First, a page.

ASTM mulls standards for bunk bed stair safety
November 13, 2017,
HIGH POINT — A committee on bunk bed safety plans to address whether the industry needs a new standard regarding the safety of bunk bed staircase units, many of which feature steps that double as clothing storage units.
The issue arose during a Nov. 8 meeting in High Point of the ASTM F-15 committee on bunk bed safety, which helps draft specific language used in voluntary safety standards.
However, some in the group believe it may be necessary to develop language in the standard that addresses the staircase units, most of which are attached to the unit during assembly.
Part of the discussion focused on the space between the steps of the staircases, but the bigger issues appeared to be the placement of safety rails. The placement of drawers in the units is another potential concern as open drawers can trip a child going up or down the staircase in the middle of the night.
Bill Perdue, vice president of regulatory affairs for the American Home Furnishings Alliance, and the chair of the F-15 committee said that when early bunk bed safety standards were created, back in the late 1980s, these types of units were not in the marketplace. Thus the current standard was not designed to address such units.
But as they have grown in popularity over the past several years, he urged the group to consider the need for a standard for staircase units.
“Stairs built into the bunk bed have created an issue we have not dealt with before,” he said, later adding, “We have to come up with something. … I for one do not think we stick our head in the sand and not address this.
However the issue raised some concerns among some members, who viewed the development of new standards for staircase units as a major issue for the industry.
“This is a really big deal we are talking about,” said Bobby Puett, of Diversified Testing Laboratories, who has been working on bunk bed safety standards for the past 30 years. He suggested that the committee wait for more data from the CPSC that illustrates whether the units are in fact a safety issue that needs to be addressed separately from ladders.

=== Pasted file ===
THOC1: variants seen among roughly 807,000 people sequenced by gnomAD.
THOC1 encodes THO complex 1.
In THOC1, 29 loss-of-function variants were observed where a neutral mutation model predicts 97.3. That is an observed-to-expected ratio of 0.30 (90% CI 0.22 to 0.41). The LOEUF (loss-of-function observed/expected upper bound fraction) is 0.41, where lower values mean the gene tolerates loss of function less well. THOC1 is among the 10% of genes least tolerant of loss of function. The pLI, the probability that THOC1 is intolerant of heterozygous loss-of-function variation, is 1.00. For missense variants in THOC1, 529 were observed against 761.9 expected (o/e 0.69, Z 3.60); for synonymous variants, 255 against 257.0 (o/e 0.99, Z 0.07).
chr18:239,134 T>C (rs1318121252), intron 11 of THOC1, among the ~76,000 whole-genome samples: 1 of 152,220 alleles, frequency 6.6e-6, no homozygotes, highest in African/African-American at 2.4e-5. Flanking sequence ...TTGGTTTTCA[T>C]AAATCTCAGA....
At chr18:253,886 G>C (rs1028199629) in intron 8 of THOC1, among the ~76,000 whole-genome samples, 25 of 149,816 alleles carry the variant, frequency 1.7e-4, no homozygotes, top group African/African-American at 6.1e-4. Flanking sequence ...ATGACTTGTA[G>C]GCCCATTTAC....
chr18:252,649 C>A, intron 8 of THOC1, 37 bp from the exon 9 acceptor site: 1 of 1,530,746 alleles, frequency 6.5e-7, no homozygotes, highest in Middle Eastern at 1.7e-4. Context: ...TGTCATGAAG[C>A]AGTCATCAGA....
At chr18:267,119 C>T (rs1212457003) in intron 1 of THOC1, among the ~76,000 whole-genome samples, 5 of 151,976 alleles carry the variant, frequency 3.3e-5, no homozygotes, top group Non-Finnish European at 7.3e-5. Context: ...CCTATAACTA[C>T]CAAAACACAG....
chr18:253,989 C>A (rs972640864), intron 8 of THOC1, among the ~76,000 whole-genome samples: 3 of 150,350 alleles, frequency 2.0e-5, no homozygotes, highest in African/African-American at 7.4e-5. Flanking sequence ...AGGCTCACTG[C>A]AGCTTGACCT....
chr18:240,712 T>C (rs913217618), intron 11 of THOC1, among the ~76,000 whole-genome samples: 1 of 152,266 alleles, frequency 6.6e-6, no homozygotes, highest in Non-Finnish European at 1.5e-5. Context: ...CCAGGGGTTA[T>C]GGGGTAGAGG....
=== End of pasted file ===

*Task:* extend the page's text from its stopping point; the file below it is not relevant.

“We do not know this is a problem,” Puett said, adding that no one has presented any specific data linking accidents to bunk bed staircase units.
But some at the meeting, including Ladislao Holmes, director of quality assurance at Emerald Home Furnishings, urged addressing the issue sooner versus later.
“Shouldn’t we be more proactive?” he asked the committee.
The discussion veered toward incorporating stairs into the section of the current standard (F-1427-2013) 4.9.1 that addresses ladder safety.
At present the language in the current standard can be interpreted that stairs and ladders are equal, when they aren’t, Perdue noted.
“All we are saying is that a ladder and a step are not the same and should not be treated the same,” Perdue said.
Perdue and others agreed it was best for a separate committee task force study the issue and come up with recommendations.
“I have been with this task group a long time, and that was not in our discussion as we developed this standard,” he said, adding that the committee needs to decide whether “we address it, and if so, how.”
He also asked Consumer Product Safety Officials for any more specific data regarding bunk bed staircase unit that the committee can use in future discussions on the issue.
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